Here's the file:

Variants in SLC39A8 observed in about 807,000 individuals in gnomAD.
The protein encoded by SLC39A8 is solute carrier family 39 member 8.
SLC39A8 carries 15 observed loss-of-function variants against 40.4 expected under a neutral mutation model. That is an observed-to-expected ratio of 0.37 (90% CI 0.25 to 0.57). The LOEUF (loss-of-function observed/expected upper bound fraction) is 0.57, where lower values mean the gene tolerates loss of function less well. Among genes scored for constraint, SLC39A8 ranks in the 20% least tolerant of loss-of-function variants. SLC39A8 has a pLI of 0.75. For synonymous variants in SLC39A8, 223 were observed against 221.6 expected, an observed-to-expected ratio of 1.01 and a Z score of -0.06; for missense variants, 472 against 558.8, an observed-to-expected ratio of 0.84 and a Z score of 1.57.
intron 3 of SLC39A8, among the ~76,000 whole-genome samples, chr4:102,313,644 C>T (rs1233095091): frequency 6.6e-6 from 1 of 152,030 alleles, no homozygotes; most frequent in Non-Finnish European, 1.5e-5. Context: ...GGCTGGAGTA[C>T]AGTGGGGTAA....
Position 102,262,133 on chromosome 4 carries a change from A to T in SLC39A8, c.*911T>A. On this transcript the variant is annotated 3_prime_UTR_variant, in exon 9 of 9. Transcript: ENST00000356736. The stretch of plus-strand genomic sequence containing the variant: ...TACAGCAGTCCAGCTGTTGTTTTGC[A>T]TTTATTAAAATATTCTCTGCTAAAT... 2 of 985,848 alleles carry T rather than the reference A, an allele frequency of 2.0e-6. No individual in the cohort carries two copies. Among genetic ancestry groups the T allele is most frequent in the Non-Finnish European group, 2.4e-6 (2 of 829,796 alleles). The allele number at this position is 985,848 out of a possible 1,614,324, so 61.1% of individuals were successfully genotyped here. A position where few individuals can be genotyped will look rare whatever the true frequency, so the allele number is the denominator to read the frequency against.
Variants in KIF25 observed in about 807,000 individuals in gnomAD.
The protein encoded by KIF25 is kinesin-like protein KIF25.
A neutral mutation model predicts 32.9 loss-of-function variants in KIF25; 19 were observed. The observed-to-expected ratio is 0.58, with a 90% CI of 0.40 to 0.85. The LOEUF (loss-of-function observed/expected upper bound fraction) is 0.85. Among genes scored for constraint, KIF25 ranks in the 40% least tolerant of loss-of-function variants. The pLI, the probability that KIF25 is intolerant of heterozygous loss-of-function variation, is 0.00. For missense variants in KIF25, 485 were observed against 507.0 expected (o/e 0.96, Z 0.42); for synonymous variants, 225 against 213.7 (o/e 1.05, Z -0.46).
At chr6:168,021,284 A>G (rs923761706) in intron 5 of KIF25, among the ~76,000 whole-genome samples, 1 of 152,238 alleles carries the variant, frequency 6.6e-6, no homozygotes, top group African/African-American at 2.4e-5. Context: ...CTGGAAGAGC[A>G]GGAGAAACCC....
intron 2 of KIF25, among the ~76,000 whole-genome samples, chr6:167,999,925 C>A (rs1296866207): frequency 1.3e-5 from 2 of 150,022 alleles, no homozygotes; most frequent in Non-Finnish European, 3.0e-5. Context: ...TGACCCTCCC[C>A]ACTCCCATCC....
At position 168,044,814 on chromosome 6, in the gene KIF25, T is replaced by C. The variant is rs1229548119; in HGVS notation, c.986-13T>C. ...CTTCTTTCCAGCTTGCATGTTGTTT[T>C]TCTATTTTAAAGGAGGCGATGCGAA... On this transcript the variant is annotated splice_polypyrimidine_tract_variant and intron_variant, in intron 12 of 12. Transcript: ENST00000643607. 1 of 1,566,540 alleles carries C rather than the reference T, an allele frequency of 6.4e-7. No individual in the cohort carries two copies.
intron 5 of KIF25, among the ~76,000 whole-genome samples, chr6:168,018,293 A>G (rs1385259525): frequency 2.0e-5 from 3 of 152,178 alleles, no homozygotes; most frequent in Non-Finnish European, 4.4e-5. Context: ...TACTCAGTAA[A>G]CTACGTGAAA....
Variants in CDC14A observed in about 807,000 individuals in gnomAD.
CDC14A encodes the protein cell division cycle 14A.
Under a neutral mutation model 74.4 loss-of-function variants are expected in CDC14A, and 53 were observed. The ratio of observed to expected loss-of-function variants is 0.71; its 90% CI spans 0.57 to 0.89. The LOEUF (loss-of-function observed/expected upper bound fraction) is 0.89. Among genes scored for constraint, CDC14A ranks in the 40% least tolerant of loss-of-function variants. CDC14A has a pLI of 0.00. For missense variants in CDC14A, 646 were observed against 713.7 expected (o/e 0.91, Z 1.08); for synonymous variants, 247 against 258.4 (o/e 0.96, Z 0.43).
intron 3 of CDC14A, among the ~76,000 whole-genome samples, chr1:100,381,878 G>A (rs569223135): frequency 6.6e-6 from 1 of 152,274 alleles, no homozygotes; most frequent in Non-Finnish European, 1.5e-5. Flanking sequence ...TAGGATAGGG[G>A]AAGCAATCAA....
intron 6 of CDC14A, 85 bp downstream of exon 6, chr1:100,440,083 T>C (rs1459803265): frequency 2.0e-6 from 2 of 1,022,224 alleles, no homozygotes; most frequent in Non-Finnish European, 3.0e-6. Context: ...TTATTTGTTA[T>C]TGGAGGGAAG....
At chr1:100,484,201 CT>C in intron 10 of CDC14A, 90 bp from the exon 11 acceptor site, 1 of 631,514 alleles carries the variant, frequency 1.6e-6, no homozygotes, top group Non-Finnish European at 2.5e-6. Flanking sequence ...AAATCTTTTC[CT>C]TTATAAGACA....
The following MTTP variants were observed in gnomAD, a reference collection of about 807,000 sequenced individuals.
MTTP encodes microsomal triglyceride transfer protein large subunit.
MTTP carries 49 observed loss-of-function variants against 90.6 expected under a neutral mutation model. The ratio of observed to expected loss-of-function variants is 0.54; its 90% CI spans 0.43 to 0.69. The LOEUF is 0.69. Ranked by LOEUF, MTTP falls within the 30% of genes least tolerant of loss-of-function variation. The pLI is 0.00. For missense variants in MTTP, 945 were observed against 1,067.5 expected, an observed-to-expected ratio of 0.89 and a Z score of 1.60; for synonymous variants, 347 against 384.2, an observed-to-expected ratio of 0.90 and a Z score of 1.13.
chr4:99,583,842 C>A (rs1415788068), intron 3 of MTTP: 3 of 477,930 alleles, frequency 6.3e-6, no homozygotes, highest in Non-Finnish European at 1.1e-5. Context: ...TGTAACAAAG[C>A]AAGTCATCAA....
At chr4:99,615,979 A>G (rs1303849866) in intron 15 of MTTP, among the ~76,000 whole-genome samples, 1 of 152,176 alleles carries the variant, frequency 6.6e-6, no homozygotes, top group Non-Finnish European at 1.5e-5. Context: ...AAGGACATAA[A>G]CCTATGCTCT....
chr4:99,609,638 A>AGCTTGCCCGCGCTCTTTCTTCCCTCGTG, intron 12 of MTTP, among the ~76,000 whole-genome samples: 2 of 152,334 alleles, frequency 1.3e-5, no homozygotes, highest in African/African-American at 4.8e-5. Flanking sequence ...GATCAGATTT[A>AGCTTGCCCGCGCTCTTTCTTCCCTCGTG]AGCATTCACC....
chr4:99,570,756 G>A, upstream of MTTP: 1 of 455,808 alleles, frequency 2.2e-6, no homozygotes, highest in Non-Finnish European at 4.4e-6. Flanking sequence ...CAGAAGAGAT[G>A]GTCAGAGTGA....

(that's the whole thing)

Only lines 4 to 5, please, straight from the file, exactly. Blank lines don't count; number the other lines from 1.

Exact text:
intron 3 of SLC39A8, among the ~76,000 whole-genome samples, chr4:102,313,644 C>T (rs1233095091): frequency 6.6e-6 from 1 of 152,030 alleles, no homozygotes; most frequent in Non-Finnish European, 1.5e-5. Context: ...GGCTGGAGTA[C>T]AGTGGGGTAA....
Position 102,262,133 on chromosome 4 carries a change from A to T in SLC39A8, c.*911T>A. On this transcript the variant is annotated 3_prime_UTR_variant, in exon 9 of 9. Transcript: ENST00000356736. The stretch of plus-strand genomic sequence containing the variant: ...TACAGCAGTCCAGCTGTTGTTTTGC[A>T]TTTATTAAAATATTCTCTGCTAAAT... 2 of 985,848 alleles carry T rather than the reference A, an allele frequency of 2.0e-6. No individual in the cohort carries two copies. Among genetic ancestry groups the T allele is most frequent in the Non-Finnish European group, 2.4e-6 (2 of 829,796 alleles). The allele number at this position is 985,848 out of a possible 1,614,324, so 61.1% of individuals were successfully genotyped here. A position where few individuals can be genotyped will look rare whatever the true frequency, so the allele number is the denominator to read the frequency against.